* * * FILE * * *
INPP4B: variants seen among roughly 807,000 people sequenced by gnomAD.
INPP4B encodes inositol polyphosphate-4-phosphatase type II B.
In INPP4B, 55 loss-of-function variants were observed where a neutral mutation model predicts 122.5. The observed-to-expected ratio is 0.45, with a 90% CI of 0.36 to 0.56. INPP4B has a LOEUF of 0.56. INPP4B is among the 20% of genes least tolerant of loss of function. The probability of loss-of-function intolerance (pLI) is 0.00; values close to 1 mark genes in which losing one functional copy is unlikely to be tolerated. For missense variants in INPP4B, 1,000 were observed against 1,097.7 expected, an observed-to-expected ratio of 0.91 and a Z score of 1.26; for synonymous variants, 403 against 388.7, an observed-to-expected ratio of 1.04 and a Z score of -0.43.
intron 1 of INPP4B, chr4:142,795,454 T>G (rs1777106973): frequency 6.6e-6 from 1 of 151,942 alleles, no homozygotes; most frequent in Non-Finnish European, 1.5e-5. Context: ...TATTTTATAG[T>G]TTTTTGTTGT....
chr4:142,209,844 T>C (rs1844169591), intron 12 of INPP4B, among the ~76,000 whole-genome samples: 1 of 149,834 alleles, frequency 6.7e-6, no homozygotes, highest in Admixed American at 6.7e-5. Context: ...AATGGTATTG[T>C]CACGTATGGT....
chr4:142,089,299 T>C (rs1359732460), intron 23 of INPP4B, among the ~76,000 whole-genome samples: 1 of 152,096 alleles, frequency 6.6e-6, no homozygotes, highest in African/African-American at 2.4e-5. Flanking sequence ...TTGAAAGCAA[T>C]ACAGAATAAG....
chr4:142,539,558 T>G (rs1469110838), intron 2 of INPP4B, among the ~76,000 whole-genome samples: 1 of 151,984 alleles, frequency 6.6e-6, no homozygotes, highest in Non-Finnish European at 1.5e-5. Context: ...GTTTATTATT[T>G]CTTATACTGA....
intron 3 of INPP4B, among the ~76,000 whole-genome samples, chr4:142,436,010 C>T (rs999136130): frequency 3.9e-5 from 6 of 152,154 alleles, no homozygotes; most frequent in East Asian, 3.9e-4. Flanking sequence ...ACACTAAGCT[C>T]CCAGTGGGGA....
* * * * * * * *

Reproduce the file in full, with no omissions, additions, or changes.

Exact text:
INPP4B: variants seen among roughly 807,000 people sequenced by gnomAD.
INPP4B encodes inositol polyphosphate-4-phosphatase type II B.
In INPP4B, 55 loss-of-function variants were observed where a neutral mutation model predicts 122.5. The observed-to-expected ratio is 0.45, with a 90% CI of 0.36 to 0.56. INPP4B has a LOEUF of 0.56. INPP4B is among the 20% of genes least tolerant of loss of function. The probability of loss-of-function intolerance (pLI) is 0.00; values close to 1 mark genes in which losing one functional copy is unlikely to be tolerated. For missense variants in INPP4B, 1,000 were observed against 1,097.7 expected, an observed-to-expected ratio of 0.91 and a Z score of 1.26; for synonymous variants, 403 against 388.7, an observed-to-expected ratio of 1.04 and a Z score of -0.43.
intron 1 of INPP4B, chr4:142,795,454 T>G (rs1777106973): frequency 6.6e-6 from 1 of 151,942 alleles, no homozygotes; most frequent in Non-Finnish European, 1.5e-5. Context: ...TATTTTATAG[T>G]TTTTTGTTGT....
chr4:142,209,844 T>C (rs1844169591), intron 12 of INPP4B, among the ~76,000 whole-genome samples: 1 of 149,834 alleles, frequency 6.7e-6, no homozygotes, highest in Admixed American at 6.7e-5. Context: ...AATGGTATTG[T>C]CACGTATGGT....
chr4:142,089,299 T>C (rs1359732460), intron 23 of INPP4B, among the ~76,000 whole-genome samples: 1 of 152,096 alleles, frequency 6.6e-6, no homozygotes, highest in African/African-American at 2.4e-5. Flanking sequence ...TTGAAAGCAA[T>C]ACAGAATAAG....
chr4:142,539,558 T>G (rs1469110838), intron 2 of INPP4B, among the ~76,000 whole-genome samples: 1 of 151,984 alleles, frequency 6.6e-6, no homozygotes, highest in Non-Finnish European at 1.5e-5. Context: ...GTTTATTATT[T>G]CTTATACTGA....
intron 3 of INPP4B, among the ~76,000 whole-genome samples, chr4:142,436,010 C>T (rs999136130): frequency 3.9e-5 from 6 of 152,154 alleles, no homozygotes; most frequent in East Asian, 3.9e-4. Flanking sequence ...ACACTAAGCT[C>T]CCAGTGGGGA....